What the Glastonbury 2019 toilets are really like

What the Glastonbury 2019 toilets are really like


You’ve probably heard grim rumours about festival toilets.

The girl who got her head stuck in portaloo at Leeds in 2009. The person who got pushed over while inside one. The poo mountain by day three.

We’ve all heard them and they all involve someone, somewhere, getting covered in poo. Whether they’re true or just something that’s been passed down the grapevine, it’s enough to put you off going to a festival.

The good news is that there have been some changes at Glastonbury in recent years to try to make them a bit nicer but also more environmentally friendly.

We’ve got some pictures from the inside (admittedly, these are only from day one and two) but they really don’t look so bad.

Firstly, the traditional portable toilet is on the way out. Glastonbury started to phase out the plastic toilets in 2016 as there were concerned about them filling up too quickly and overflowing.

Instead, they’ve been replaced with organic compost toilets. This year, there are 1,300 compost toilets across the site.

Janine Reid, who has been attending the festival since 2007 said the new solutions are ‘100 times’ better than the old portable toilets.

The toilets separate solid and liquid waste and if you poo, you need to bring a cup of sawdust with you to throw down, which helps to take away the smell.

And at the end of the festival, the waste is turned into compost for crops.

There are also long drop toilets on site and although they have always been available at Glastonbury, this year there are more than ever.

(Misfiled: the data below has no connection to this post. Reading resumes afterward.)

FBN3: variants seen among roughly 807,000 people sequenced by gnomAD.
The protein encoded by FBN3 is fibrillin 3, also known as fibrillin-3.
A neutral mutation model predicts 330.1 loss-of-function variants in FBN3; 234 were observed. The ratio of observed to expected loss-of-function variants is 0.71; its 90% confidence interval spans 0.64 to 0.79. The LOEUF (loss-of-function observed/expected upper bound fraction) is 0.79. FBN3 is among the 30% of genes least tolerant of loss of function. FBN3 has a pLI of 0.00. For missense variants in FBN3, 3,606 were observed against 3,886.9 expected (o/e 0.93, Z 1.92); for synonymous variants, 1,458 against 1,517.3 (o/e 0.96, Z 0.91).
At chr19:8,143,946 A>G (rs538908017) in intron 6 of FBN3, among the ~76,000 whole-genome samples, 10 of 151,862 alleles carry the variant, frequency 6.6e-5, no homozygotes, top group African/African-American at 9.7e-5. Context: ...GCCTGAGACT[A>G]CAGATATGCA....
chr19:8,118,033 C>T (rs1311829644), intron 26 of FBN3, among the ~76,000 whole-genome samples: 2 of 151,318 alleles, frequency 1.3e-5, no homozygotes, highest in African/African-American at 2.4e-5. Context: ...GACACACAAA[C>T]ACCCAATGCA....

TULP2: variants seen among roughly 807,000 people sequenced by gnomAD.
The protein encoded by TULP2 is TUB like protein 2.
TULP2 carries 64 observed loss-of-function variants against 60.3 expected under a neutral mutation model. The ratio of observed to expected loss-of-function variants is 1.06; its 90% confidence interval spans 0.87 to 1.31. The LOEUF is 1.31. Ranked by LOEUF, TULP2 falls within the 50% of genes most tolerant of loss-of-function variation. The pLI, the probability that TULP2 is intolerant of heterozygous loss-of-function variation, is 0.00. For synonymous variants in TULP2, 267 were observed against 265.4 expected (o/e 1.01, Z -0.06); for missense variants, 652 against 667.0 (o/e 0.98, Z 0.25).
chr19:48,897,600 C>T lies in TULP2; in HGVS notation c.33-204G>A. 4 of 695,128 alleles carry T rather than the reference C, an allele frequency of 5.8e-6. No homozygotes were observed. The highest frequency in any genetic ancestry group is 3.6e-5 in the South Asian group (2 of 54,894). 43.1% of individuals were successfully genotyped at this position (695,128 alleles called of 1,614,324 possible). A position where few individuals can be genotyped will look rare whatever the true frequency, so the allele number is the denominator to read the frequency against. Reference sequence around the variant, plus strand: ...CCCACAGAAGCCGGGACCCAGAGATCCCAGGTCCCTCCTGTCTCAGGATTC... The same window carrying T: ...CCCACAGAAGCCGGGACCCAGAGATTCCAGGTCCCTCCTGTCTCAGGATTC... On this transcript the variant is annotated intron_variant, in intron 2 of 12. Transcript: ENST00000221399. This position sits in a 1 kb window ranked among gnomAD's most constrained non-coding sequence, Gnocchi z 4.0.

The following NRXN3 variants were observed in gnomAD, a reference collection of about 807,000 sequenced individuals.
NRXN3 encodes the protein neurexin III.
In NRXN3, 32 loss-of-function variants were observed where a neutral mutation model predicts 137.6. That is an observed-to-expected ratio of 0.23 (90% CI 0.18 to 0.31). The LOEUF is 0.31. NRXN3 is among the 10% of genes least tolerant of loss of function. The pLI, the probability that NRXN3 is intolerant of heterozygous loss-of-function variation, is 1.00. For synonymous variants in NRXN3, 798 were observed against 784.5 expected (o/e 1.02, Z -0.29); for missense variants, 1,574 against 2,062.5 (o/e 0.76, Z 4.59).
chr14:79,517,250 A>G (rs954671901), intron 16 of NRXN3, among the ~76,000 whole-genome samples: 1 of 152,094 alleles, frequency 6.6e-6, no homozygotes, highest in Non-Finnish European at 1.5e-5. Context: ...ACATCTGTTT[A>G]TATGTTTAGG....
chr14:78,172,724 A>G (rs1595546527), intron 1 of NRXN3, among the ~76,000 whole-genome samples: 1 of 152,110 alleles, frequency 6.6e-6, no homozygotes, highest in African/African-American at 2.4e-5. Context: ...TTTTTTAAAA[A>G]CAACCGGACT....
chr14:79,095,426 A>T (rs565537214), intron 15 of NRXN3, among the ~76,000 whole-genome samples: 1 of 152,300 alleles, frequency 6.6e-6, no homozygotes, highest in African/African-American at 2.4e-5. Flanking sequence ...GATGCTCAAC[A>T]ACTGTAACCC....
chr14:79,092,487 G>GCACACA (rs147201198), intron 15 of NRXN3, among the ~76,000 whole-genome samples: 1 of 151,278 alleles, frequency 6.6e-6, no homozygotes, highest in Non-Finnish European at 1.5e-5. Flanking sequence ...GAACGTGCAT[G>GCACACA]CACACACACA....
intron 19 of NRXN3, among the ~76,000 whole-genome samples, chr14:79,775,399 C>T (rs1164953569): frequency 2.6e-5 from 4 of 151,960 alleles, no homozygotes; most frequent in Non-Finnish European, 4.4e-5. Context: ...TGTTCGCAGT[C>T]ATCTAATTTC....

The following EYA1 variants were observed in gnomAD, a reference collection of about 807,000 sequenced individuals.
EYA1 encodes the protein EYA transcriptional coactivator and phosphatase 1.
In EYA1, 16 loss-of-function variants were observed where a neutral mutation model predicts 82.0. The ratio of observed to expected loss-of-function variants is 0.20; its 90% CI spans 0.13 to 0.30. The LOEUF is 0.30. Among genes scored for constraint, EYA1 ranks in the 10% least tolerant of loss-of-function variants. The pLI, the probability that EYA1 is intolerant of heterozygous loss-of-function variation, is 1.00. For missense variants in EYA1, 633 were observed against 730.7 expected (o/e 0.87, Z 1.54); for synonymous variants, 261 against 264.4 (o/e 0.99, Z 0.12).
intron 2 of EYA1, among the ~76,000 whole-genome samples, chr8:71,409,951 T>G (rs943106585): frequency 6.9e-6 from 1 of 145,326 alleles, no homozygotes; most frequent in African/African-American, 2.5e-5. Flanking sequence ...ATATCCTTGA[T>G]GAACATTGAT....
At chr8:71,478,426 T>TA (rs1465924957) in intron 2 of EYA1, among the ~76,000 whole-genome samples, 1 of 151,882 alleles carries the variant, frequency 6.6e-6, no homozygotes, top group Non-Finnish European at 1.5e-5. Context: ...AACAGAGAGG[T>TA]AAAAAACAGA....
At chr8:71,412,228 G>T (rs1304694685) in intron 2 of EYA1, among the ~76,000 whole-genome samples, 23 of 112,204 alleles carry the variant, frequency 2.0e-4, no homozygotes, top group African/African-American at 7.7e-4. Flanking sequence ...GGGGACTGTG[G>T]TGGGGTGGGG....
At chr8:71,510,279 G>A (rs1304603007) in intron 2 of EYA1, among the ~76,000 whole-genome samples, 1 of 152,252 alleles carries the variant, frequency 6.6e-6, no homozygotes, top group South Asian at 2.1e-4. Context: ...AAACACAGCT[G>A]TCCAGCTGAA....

These are basically just huge holes in the ground with a seat over them.

They don’t have a roof so they are completely open to the elements.The toilets are quite low, which leads to a lot of squatting and they can get a little messy.

If you just need to pee, there’s 700 metres of male urinals dotted around the site – and for women, there are the ShePee urinals run by WaterAid. With the ShePee, women can pee standing up, cutting down on waiting times for cubicles.

If you get your period while at the festival, don’t fear – the charity has a supply of free and natural products and for the first time, there’s a few specially designed private cubicles in the ShePee area near the Pyramid Stage to meet women’s needs, with sanitary disposal facilities, water for washing, a shelf, hook and extra space.

And to keep everything cleaner, WaterAid have a crew of 250 people working as the Loo Crew – cleaning 2,700 toilets.

The crew do shifts of six hours between 6am and midnight and there’s a separate night team cleaning Block 9 and Shangri La from midnight to 6am.

The team make sure that each loo is regularly cleaned for 18 hours – leaving only six hours where there is no cleaning – so hopefully there won’t be too many experiences.

The charity has been working with the festival since 1994 to raise awareness of the millions of people who are denied access to clean water and decent toilets.

Lizzie Griffiths, WaterAid’s Loo Crew Supervisor said: ‘WaterAid believe it’s so important for everyone to have access to a decent toilet, not just here but around the world. As a Glastonbury charity partner we share the same value as the Glastonbury organisers in providing high standards.’

There are lots of options, so if you are attending this year, please don’t pee on the grass instead – it can pollute rivers and harm wildlife.

And if you are thinking about it next year, rest assured that the toilets aren’t as bad as you think.

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